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By Nadin Abbott

October 25, 2014 (San Diego) Representatives of state and federal agencies held a public meeting in San Diego at the Hilton in Mission Valley to present the Desert Renewable Energy Conservation Plan (DRECP) to citizens.

The plan, which covers 22 million acres of deserts in California, has the following stated goals according to the program:

  • Long-term adaptable plan including 20,000 megawatts of potential transmission power from deserts to urban areas in CA
  • Streamline the renewable project reviews and approvals, only within the DCREP region.
  • Conserve sensitive animal and plant species
  • Preserve other resources
  • Preserve Bureau of Land Management (BLM) land

The presentation was organized by the California Energy Commission and also included representatives from the Bureau of Land Management, and California Department of Fish and Wildlife as well as the U.S Fish and Wildlife Service, which participated in the plan’s development.

A key question is how many transmission lines will ultimately be needed, which will depend on market conditions.  The plan shows a potential new high-voltage line parallel to Sunrise Powerlink, however this is a conceptual document, not a siting document, and it’s not yet determined whether the line would actually be built along this route.

Critics raised objections to a new line though East County during the public comment session. Bill Powers with the San Diego Energy Foundation hammered the panel on the need for distributive energy such as solar on rooftops in urban areas, which he said was mentioned only briefly in the document and that backers of the DRECP claim would not be sufficient to meet the needs of San Diego region, or for that matter California.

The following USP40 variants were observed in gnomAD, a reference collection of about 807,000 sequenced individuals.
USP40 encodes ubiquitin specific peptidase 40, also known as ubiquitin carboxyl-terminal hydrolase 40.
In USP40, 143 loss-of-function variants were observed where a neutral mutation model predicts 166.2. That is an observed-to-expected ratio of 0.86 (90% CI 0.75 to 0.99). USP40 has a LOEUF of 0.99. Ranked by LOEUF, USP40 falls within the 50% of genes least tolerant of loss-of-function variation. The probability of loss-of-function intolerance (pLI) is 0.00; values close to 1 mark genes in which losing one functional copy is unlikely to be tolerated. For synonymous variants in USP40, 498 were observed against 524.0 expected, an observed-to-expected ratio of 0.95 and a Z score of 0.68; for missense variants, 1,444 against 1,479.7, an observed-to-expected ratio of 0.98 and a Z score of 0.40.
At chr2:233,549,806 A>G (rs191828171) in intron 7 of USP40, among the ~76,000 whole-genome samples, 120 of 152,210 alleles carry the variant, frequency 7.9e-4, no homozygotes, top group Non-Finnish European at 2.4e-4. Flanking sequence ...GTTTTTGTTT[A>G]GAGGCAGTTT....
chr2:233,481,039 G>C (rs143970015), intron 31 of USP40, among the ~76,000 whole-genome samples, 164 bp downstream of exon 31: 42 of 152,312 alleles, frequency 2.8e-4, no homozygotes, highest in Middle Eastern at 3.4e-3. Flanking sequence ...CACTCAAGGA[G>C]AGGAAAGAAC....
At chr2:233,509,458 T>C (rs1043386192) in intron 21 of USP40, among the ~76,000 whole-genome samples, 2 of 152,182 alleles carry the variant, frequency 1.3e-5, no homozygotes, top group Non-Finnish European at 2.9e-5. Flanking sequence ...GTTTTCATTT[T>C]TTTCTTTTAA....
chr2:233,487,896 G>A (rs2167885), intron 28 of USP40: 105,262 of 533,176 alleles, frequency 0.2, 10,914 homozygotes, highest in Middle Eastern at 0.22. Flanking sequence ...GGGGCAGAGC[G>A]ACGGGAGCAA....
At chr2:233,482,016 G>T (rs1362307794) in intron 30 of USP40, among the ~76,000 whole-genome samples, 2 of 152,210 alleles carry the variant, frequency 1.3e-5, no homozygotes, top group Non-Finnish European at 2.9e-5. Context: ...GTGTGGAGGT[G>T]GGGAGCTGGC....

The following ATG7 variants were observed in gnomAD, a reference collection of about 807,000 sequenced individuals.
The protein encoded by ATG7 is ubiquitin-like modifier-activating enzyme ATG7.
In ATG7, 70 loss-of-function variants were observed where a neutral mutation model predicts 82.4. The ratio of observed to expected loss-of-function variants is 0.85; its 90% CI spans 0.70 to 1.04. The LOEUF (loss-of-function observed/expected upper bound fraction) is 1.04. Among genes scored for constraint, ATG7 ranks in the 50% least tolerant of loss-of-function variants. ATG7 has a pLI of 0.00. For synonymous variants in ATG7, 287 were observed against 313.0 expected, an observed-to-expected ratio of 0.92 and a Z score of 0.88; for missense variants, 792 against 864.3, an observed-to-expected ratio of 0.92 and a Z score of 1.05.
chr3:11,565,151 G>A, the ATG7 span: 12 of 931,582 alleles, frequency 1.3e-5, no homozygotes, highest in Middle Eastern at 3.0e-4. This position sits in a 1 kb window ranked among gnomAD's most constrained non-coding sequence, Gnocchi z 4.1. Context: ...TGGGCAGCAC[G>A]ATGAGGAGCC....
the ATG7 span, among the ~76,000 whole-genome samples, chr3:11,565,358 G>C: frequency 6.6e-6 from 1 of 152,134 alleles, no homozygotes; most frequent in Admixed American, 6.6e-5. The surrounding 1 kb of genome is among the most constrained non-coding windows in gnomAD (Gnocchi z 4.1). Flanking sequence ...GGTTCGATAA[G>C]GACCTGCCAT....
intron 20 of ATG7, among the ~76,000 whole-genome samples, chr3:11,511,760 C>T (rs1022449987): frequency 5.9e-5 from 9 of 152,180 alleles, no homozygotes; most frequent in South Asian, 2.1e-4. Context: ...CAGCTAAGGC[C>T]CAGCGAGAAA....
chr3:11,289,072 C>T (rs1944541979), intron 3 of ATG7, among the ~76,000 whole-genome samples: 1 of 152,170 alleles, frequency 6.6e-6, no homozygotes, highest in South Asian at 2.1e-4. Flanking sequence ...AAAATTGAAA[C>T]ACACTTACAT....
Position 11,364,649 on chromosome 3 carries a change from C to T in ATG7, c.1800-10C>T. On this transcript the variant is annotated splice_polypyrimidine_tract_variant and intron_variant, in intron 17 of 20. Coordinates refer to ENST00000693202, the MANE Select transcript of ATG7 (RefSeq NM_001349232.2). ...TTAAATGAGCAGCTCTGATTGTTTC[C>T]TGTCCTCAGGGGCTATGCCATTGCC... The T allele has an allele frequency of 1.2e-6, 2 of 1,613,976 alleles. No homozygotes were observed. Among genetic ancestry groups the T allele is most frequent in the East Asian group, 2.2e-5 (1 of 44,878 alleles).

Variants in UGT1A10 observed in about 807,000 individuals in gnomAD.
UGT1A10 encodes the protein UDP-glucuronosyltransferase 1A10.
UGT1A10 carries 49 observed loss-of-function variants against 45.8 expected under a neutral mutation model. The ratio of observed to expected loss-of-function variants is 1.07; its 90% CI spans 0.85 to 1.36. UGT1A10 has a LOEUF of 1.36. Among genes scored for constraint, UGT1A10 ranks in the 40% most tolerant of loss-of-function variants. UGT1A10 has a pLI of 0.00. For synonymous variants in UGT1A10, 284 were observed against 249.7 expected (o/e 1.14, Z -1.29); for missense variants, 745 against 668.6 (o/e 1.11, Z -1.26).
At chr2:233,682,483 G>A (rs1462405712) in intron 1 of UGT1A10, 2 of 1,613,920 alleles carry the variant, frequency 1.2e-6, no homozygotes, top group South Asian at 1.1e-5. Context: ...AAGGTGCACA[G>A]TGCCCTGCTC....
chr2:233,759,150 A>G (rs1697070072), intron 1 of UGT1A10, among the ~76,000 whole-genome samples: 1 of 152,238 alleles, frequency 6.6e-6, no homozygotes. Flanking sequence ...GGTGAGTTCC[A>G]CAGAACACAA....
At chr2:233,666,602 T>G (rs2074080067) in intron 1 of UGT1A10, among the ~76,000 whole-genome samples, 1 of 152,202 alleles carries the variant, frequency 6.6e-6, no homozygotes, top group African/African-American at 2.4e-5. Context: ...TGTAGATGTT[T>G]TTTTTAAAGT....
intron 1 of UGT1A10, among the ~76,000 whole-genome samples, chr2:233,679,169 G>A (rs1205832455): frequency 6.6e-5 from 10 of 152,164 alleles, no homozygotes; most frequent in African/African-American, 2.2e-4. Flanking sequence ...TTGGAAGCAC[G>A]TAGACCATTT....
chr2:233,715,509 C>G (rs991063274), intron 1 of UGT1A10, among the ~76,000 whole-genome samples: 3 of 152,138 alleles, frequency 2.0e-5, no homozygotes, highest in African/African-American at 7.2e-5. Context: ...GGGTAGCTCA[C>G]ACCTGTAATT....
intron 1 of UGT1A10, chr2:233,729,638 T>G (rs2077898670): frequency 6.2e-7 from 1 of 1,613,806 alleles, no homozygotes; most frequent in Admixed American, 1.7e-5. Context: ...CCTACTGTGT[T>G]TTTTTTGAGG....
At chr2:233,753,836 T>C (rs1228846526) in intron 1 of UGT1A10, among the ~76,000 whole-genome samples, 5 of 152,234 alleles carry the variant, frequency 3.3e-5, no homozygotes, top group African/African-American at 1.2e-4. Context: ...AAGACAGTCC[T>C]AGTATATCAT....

This plan has no renewable projects planned for the East County in any of the five planned alternatives, but does show energy projects planned in Imperial County, including wind, geothermal and Photovoltaic.  These could potentially hook up to San Diego via a new high voltage power line.

The representative of the American Wind Energy Association was also not happy with the plan, which would remove planning discretion at the local level. Ashley Richmond of the AWEA said that advocates are leaving California because of that.

The proposed plan document can be found here.

The factsheets (which are much shorter than the document) are here:

Moreover, here is a video produced explaining the plan.


There are critics to the plan. Locally the criticism came down to three factors:

First, there is no place in the plan for distributive energy such as rooftop solar in urban areas where the most power is used. It is mentioned in the plan, but dismissed as not able to provide sufficient power.  Critics disagree on this point and have contended that rooftop solar could meet our region’s needs.

Second: The plan, while full of good intentions, will not meet regulatory oversight and will be rejected like previous plans proposed that failed to meet California’s requirements under the Natural Community Conservation Planning (NCCP) since it does not adequately protect critical species, Jim Pugh told staff. 

Third: It will destroy the desert and increase risk of Valley fever due to the removal of the top soil.

Finally, Bill Smith, a resident of Imperial Valley and an agricultural worker,  came from Imperial County and pointed out that the plan will remove more agricultural land from production, increasing unemployment and taking good land from production.

The public has until January 9th, 2015 to make comments. Some  attendees asked for a 60-day extension due in part to the massive size of the document. Youu can file public comments by mail, fax, or email, and read instructions at:

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